Does anyone else feel like their social media timelines have been filled with pregnancy and birth announcements?
At the beginning of quarantine, there was a prediction of a forthcoming baby boom and they were not wrong. While I cannot confirm the scale of this COVID baby boom compared to the Baby Boomer generation, I can tell you that the past few client meetings have been filled with baby announcements that quickly turn into college savings conversations.
When it comes to college savings and the conversations generated around this topic, there are three numbers that reign supreme 529.
The name “529” comes from section 529 of the Internal Revenue Code that was added in 1996 that allowed for individuals to create college savings plan. College savings plans have a distinct section within the IRC because they have distinct features that make it one of the most tax efficient ways to save and invest.
So what makes a 529 College Savings Plan so unique? Let’s count the ways.
- Contributions made to the account qualify for a state income tax deduction (in some states).
- Contributions grow tax-free while invested within the 529 account.
- Contributions are tax-free at distribution when used for qualified educational expenses.
In the world of personal finance and investing, we call this type of account the triple threat given the tax savings at contribution (in some states), during the lifetime of the account and at distribution. There are very few accounts in the personal finance toolbelt that offer this type of preferential tax treatment.
Contrast the 529 with saving for college in a taxable investment account. Even without the state income tax deduction, each year the income and dividends produced by the account are taxed as income. And don’t forget about the capital gains tax assessed at distribution when positions are sold to cover college tuition. The combination of those two elements alone leave less purchasing power when compared to letting those dollars grow within the tax efficient 529 environment.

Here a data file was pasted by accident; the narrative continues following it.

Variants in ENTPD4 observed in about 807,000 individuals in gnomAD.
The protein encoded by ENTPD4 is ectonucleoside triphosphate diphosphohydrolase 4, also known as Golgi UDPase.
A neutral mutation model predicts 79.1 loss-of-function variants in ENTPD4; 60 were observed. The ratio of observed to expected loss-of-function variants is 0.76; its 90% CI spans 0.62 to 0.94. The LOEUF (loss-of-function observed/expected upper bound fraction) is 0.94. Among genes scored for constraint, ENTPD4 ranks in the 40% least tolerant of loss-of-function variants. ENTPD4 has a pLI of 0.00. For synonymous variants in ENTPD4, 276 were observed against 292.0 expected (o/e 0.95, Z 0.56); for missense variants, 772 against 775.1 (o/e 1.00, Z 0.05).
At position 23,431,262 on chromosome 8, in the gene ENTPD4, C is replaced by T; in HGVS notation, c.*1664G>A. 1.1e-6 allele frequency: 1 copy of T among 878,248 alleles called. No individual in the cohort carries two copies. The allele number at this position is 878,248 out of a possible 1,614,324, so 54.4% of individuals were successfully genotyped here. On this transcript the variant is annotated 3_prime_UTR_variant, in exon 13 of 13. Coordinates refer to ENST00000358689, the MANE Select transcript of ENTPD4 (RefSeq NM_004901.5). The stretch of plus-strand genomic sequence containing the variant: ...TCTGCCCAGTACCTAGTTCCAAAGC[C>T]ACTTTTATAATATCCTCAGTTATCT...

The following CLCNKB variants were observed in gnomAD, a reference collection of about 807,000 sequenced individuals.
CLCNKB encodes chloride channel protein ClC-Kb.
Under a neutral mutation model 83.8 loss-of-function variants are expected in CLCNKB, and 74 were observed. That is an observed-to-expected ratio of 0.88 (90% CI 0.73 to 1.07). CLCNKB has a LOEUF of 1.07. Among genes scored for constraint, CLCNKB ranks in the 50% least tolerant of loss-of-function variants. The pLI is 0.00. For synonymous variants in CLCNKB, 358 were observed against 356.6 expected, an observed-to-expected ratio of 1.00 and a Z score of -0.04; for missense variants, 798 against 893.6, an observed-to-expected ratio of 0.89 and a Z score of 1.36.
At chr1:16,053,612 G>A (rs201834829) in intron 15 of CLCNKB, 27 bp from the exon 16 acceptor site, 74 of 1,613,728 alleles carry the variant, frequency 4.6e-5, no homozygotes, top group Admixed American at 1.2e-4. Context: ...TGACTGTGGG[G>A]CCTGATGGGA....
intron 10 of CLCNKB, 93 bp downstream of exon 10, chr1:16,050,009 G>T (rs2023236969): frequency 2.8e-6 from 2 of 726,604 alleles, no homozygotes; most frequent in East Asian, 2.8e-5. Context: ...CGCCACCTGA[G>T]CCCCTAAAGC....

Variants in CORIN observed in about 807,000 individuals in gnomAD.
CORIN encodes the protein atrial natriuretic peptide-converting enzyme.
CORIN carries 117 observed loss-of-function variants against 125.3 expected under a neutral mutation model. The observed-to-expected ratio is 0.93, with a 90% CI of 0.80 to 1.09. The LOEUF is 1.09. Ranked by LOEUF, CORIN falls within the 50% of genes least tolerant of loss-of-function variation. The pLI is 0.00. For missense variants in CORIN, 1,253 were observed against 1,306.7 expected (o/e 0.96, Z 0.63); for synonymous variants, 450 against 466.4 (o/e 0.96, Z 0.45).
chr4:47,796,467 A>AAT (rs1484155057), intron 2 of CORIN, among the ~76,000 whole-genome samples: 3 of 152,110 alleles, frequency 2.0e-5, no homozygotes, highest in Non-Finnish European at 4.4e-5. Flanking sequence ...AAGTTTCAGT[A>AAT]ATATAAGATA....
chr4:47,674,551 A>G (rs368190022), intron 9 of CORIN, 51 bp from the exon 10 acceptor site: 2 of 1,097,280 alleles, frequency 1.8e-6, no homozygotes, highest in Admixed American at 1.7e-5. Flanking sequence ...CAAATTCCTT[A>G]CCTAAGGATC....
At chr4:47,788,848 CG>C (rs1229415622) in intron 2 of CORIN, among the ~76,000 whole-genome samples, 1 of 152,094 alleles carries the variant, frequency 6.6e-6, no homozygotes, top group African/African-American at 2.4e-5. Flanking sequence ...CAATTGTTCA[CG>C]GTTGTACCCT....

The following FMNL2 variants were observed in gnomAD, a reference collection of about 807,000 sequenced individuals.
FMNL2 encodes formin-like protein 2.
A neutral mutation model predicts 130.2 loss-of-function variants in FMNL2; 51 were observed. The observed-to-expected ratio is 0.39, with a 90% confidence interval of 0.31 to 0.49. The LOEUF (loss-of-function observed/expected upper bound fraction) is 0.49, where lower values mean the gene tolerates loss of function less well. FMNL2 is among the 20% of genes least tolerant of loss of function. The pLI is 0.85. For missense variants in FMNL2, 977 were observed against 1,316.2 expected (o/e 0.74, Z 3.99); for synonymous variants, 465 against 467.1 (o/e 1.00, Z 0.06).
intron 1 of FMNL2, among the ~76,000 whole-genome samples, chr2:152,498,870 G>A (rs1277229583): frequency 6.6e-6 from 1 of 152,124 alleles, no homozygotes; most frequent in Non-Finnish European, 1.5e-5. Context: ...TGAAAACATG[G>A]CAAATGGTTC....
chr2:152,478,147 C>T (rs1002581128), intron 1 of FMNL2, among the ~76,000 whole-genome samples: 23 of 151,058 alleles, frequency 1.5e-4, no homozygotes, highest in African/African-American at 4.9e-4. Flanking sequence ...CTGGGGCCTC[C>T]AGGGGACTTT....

If the tax savings alone aren’t enough to peak your interest, let’s talk about some of the other benefits that come with a 529 college savings plan. Already referenced, but worth mentioning twice, dollars within a 529 can be invested and grow with the market. Much like 401(k)’s benefit from a long-term investment strategy, so can funds earmarked for a child’s education.
A second and third added benefit from a estate planning perspective is that the funds within a 529 are owned and directed by the account holder but are for the beneficiary of the minor with their sights set on college. In other words, that future college student does not have control of the assets and cannot decided to buy a sports car with those dollars instead of a college education. The account holder has total control. While that account holder has total control, the 529 is not included in their taxable estate. This is another wonderful benefit of the 529 account, especially those with a potential taxable estate issue, perhaps grandma and grandpa?
The final benefit of a 529 is their flexibility, specifically the beneficiary flexibility. As mentioned, each 529 account has an account holder and beneficiary. Over the life of the 529 account, the beneficiary can be amended and renamed, as needed. A common example is renaming the beneficiary from big sister to little brother after big sister graduated from college with funds leftover in the account. The dollars remaining can be reallocated to little brother to help fund his college expenses.
Has this piece convinced you to open and start funding a 529 account for your future scholar yet? If so, a great place to start is by having a conversation with a financial advisor to determine a target savings plan to help your child with college expenses. There is no one size fits all savings strategy and it can be customized to cover two years of tuition all the way up to graduate school.
Independent on the parameters of the college funding goal and the number of accounts set-up, the first step in the process is to set-up the account and investment allocation and begin funding. Some numbers to keep in mind is the threshold for making a taxable gift of $15,000 per donor to donee and the maximum state income deduction amount, if applicable for your state.
Once those values have been identified and accounted for, it’s recommended to set-up automatic monthly contribution to meet the target savings amount. Treat these contributions like the deferrals into an employer 401(k) and set-it and forget it.
There is not right time to have this discussion, the most important thing is that it’s a conversation that happens. Looking for someone to have this conversation, be sure to reach out to a qualified financial advisor before those babies become a “quaranteen”!